Thomas "Sully" Sullivan said...

I second that. Nothing tastes worse than bad eggnog. Might as well scarf down vanilla from the bottle, like they do in Arizona, if you’re going for store-bought. Homemade can taste fresh, rich and satisfying. Or mellow. Vanilla seems to be the prime mover for variation, in my OSHO. Homogenized eggs from a carton might work for the Salmonella wary, though I’ve never tried eggnog with them. And Thermapen looks promising…

Jean said...

Thanks, Sully. I think you can even buy pasteurized whole eggs, but I love the taste and texture of a properly made custard so I'll just keep doing things the old-fashioned way. It's a wonder I don't insist on a wood or coal stove!

Mrs. Tuna said...

I have to say, not a huge eggnog, too thick. I don't even like whole milk, like drinking butter.

Jean said...

Ooh, I know what you mean about the milk. I drink only 2%. Whole milk kind of gags me. But, for some reason, I like eggnog. Maybe the thickness of it doesn't bother me because I think of it as a thin custard!

Charles said...

You know, I don't think I ever had eggnog, but I'd love to try it... oh, maybe my wife made me some last year... if I remember correctly I loved it, so no problems there. A friend of mine recently made a load of eggnog and was going to give me some but her friend freaked her out talking about salmonella so much that she ended up making some coconut swirls out of it instead, lol! :D

Your eggnog certainly looks creamy and delicious - methinks I'd love it!

Jean said...

Thanks, Charles! I hope you'll try it. And do tell those friends who are concerned about salmonella to follow my recipe and they'll have no worries!

Vicki said...

I just now saw your comment about the cake whisk on my blog! No one makes them anymore which is a real shame. I've pointed people to look on ebay for them, usually in unnamed kitchen utensils. Your blog is simply delightful with gorgeous pictures. I had no idea there was a combination thermometer/timer. Must check further into this! I've never made eggnog but the ABC bakers made an eggnog cake from Flo Braker's book, Baking for All Occasions. I'm giving it a go for Christmas Eve.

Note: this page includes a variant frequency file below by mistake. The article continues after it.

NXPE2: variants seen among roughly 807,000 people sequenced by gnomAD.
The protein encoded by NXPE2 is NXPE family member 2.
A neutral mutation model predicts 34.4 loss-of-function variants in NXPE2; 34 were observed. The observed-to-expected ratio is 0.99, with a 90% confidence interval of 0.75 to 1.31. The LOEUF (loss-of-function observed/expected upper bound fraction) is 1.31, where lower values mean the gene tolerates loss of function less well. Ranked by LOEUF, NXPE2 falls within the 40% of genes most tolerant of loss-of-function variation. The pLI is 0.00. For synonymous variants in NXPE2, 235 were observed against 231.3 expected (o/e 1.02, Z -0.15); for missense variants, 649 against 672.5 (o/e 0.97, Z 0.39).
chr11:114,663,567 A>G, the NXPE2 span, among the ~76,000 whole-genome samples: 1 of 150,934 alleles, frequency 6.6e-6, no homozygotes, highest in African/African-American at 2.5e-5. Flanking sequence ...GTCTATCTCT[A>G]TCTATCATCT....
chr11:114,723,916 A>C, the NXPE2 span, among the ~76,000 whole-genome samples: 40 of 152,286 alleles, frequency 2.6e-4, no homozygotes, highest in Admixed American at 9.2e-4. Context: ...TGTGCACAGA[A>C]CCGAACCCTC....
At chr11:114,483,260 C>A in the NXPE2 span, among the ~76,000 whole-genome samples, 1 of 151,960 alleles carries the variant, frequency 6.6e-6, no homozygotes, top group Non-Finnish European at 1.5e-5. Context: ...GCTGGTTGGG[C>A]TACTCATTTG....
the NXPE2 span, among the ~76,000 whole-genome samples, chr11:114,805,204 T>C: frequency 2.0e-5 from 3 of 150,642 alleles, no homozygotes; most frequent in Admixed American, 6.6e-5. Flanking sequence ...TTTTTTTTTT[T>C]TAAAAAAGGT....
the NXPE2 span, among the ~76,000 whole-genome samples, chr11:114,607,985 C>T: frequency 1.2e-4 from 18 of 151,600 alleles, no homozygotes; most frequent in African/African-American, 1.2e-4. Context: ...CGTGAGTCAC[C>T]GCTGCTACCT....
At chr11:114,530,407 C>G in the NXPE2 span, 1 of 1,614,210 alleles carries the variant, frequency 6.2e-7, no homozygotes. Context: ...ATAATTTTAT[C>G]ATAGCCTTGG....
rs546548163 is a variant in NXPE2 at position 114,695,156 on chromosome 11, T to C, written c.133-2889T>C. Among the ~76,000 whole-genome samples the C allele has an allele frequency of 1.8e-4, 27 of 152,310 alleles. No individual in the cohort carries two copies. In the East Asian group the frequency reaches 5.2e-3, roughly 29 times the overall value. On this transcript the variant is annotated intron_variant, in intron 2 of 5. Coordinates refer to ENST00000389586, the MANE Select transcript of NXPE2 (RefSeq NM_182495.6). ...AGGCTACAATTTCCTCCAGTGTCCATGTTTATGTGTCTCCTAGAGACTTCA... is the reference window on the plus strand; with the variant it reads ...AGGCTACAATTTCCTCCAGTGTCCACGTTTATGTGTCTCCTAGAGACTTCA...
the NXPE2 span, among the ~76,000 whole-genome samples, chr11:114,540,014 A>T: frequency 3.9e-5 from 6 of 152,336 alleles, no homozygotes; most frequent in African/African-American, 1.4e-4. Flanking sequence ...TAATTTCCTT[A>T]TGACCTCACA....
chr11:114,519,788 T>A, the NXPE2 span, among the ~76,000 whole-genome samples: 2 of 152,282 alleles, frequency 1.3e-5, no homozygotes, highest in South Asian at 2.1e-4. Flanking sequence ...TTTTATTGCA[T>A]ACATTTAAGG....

Jean said...

Thank you so much, Vicki! I do aim for "delightful"! Looks like you and I have a real rarity on our hands, can't imagine why it's no longer made, it's so very handy for all sorts of mixing jobs. Come back next Friday for my eggnog ice cream--it is soooo good!

TheLuc said...

This literally is the best eggnog recipe. I enjoyed every bit of my eggnog!
Thank you Jean! Can't wait until next Friday's post!

Jean said...

Thank you so much! When I develop a recipe, I just make it to suit my own taste; but when other people think it's the best too, that is really gratifying. I hope you're going to like next Friday's recipe as well!

Mary said...

I hadn't heard of the thermapen before now, but WOW. It is officially on my wishlist now. What an awesome gadget. Your eggnog sounds great too. I'm not a fan of the store bought varieties, I do enjoy an occasional glass of the homemade kind. Have a great day, Jean!

Jean said...

Thanks, Mary! I know what you mean. My husband had only ever had store-bought and so he thought he didn't like eggnog. But after he first tried a sip of mine, he was hooked.

Vic said...

This recipe looks absolutely scrumptious and very similar to my father in law's recipe, which was liberally sprinkled with rum!

Jean said...

Thanks, Vic! Though I've made it with brandy the last few times, it is equally scrummy with a nice dark rum.

Richard Sheppard said...

I made your eggnog recipe yesterday and had it today for Christmas and it was scrumptious! Everyone loved it. Thankfully I saved a tiny bit for tomorrow morning. Yum. As you may have guessed, I left the alcohol out this go round. I had never had home made eggnog before so this was really a treat!

Jean said...

Oh, Richard, I'm so glad to hear it! Wish I had a little left for breakfast in the morning!